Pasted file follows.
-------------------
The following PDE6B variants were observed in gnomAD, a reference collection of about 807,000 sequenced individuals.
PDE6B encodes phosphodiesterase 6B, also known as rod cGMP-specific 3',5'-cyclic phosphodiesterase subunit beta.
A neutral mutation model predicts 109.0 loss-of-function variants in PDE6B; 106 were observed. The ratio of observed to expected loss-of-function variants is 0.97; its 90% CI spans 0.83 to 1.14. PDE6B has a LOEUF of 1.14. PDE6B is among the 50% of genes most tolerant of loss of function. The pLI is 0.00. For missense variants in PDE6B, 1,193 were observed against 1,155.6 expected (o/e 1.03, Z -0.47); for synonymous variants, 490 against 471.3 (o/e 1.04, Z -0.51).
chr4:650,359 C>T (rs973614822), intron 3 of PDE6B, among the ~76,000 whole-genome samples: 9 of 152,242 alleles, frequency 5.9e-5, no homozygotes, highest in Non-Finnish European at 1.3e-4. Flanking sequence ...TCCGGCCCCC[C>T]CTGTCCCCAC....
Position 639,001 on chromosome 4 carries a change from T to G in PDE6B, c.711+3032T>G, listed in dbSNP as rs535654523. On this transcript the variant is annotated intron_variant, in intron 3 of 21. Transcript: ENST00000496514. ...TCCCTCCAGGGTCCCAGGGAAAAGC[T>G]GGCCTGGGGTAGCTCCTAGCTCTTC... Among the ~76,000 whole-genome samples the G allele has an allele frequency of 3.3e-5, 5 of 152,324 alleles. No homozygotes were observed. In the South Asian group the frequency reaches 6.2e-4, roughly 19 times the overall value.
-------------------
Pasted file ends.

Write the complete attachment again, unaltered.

The following PDE6B variants were observed in gnomAD, a reference collection of about 807,000 sequenced individuals.
PDE6B encodes phosphodiesterase 6B, also known as rod cGMP-specific 3',5'-cyclic phosphodiesterase subunit beta.
A neutral mutation model predicts 109.0 loss-of-function variants in PDE6B; 106 were observed. The ratio of observed to expected loss-of-function variants is 0.97; its 90% CI spans 0.83 to 1.14. PDE6B has a LOEUF of 1.14. PDE6B is among the 50% of genes most tolerant of loss of function. The pLI is 0.00. For missense variants in PDE6B, 1,193 were observed against 1,155.6 expected (o/e 1.03, Z -0.47); for synonymous variants, 490 against 471.3 (o/e 1.04, Z -0.51).
chr4:650,359 C>T (rs973614822), intron 3 of PDE6B, among the ~76,000 whole-genome samples: 9 of 152,242 alleles, frequency 5.9e-5, no homozygotes, highest in Non-Finnish European at 1.3e-4. Flanking sequence ...TCCGGCCCCC[C>T]CTGTCCCCAC....
Position 639,001 on chromosome 4 carries a change from T to G in PDE6B, c.711+3032T>G, listed in dbSNP as rs535654523. On this transcript the variant is annotated intron_variant, in intron 3 of 21. Transcript: ENST00000496514. ...TCCCTCCAGGGTCCCAGGGAAAAGC[T>G]GGCCTGGGGTAGCTCCTAGCTCTTC... Among the ~76,000 whole-genome samples the G allele has an allele frequency of 3.3e-5, 5 of 152,324 alleles. No homozygotes were observed. In the South Asian group the frequency reaches 6.2e-4, roughly 19 times the overall value.